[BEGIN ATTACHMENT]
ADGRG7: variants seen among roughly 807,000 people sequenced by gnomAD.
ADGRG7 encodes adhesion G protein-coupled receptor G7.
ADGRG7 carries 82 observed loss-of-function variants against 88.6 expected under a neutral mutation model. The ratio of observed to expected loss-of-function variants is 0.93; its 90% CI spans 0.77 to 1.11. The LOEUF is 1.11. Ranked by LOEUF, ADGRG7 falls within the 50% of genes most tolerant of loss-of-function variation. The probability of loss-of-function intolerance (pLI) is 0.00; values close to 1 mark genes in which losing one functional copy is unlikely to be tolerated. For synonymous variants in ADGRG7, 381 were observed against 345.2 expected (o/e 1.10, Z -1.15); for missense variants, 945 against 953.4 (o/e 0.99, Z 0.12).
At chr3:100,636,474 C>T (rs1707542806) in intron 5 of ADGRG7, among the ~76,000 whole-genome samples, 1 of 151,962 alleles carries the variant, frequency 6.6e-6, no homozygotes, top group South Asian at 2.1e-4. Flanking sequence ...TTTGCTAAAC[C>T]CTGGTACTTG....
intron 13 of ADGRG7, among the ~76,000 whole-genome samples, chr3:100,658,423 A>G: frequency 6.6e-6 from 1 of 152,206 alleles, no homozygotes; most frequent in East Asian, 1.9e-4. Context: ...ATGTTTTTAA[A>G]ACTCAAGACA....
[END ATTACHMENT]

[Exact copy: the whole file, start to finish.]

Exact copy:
ADGRG7: variants seen among roughly 807,000 people sequenced by gnomAD.
ADGRG7 encodes adhesion G protein-coupled receptor G7.
ADGRG7 carries 82 observed loss-of-function variants against 88.6 expected under a neutral mutation model. The ratio of observed to expected loss-of-function variants is 0.93; its 90% CI spans 0.77 to 1.11. The LOEUF is 1.11. Ranked by LOEUF, ADGRG7 falls within the 50% of genes most tolerant of loss-of-function variation. The probability of loss-of-function intolerance (pLI) is 0.00; values close to 1 mark genes in which losing one functional copy is unlikely to be tolerated. For synonymous variants in ADGRG7, 381 were observed against 345.2 expected (o/e 1.10, Z -1.15); for missense variants, 945 against 953.4 (o/e 0.99, Z 0.12).
At chr3:100,636,474 C>T (rs1707542806) in intron 5 of ADGRG7, among the ~76,000 whole-genome samples, 1 of 151,962 alleles carries the variant, frequency 6.6e-6, no homozygotes, top group South Asian at 2.1e-4. Flanking sequence ...TTTGCTAAAC[C>T]CTGGTACTTG....
intron 13 of ADGRG7, among the ~76,000 whole-genome samples, chr3:100,658,423 A>G: frequency 6.6e-6 from 1 of 152,206 alleles, no homozygotes; most frequent in East Asian, 1.9e-4. Context: ...ATGTTTTTAA[A>G]ACTCAAGACA....